History Comes Alive

By Herb Hiller

St. Augustine is more than just history. It’s quirky, romantic, engrossing and it’s (gasp!) e-d-u-c-a-t-i-o-n-a-l!

Those "oldest" places?
At The Oldest House (enshrined as a National Historic Landmark dating from the early 1600s), walls are made of tabby, a mixture of lime, shell and sand once common in coastal Florida. A mulberry tree that grows in the yard descends from stock of the 1830s when silk culture, though boomed, never really caught on.

The Authentic Old Jail reveals rigors of incarceration during a time of heavy manacles and ball-and-chains. Ancient, too, without benefit of the "O" word are the Mission of Nombre de Dios (from the founding of St. Augustine in 1565) and – fearsome fort and prison – the Castillo de San Marcos(1695). Less fearsome just north of the city is the site of America’s first free black community, formed in 1738. Though today only sand remains of Fort Mose, an exhibit at Ponce De Leon Mall tells the entire story.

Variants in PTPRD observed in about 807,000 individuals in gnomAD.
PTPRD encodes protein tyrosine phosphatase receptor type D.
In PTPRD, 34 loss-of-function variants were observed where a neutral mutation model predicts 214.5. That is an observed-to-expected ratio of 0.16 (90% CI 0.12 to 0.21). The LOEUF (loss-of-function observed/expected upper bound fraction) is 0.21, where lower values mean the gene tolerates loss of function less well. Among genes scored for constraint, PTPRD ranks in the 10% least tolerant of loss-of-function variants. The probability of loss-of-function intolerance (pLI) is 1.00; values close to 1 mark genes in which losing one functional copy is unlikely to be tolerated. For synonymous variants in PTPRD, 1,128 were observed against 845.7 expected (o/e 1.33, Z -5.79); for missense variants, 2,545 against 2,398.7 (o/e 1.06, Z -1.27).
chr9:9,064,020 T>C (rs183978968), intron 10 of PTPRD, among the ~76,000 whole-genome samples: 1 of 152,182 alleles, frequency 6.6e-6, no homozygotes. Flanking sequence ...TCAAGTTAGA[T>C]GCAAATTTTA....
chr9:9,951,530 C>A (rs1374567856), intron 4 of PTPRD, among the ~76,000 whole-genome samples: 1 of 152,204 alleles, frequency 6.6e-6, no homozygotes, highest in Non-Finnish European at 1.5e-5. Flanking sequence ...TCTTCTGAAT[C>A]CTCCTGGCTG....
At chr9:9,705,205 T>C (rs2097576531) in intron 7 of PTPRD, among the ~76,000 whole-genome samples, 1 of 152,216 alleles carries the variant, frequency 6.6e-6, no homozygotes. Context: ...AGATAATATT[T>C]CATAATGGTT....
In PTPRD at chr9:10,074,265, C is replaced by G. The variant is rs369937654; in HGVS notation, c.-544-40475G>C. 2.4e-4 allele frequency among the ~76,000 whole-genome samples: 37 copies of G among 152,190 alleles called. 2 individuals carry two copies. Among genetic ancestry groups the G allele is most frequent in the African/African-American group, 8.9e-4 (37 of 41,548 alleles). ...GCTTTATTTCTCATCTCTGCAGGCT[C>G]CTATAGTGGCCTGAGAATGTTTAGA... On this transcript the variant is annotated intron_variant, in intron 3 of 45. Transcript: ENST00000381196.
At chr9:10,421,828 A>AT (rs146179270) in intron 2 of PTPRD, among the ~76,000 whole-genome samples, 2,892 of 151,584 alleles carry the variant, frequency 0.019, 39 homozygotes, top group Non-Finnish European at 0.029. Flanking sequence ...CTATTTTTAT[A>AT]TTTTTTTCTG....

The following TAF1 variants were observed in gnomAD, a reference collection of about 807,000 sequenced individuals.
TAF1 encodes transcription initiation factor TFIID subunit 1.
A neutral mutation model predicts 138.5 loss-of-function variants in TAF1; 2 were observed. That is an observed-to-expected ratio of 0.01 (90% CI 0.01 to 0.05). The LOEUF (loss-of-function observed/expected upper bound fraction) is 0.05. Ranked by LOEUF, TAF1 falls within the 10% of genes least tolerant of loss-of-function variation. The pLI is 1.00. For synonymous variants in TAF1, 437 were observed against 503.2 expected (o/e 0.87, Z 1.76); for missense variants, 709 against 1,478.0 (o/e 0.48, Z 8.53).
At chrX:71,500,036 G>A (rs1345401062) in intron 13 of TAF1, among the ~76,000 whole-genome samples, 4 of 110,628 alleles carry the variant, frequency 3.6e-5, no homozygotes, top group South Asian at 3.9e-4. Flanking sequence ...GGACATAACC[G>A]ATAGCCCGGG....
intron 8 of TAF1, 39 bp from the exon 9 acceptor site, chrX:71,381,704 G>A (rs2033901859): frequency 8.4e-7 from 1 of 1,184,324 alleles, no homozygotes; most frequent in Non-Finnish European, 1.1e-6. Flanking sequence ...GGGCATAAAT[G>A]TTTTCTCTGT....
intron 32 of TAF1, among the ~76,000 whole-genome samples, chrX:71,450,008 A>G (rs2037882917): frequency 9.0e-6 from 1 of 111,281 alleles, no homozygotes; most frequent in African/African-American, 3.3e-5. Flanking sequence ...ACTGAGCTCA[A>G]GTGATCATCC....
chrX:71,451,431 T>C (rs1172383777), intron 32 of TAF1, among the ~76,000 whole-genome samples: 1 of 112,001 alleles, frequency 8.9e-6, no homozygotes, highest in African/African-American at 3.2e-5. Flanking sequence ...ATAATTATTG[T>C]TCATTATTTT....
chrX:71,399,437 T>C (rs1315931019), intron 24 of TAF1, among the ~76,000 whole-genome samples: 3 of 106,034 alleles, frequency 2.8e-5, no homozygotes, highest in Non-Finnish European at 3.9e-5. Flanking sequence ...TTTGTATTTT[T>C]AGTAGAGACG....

Ambiance scintillates at the walled block of houses at Old St. Augustine Village where celebrity visitors, hosted for 150 years, commenced in 1790 with Napoleon’s nephew Prince Murat and continued with Ralph Waldo Emerson and actress Greta Garbo.

Even shopping celebrates history at antiquarian bookstores, antique shops and art galleries, many in historic buildings.

Kids adore Ponce De Leon’s Fountain of Youth at the National Archeological Park and, big-eyed, emit huffs of awe at the sight of huge gators at The Alligator Farm and Zoological Park.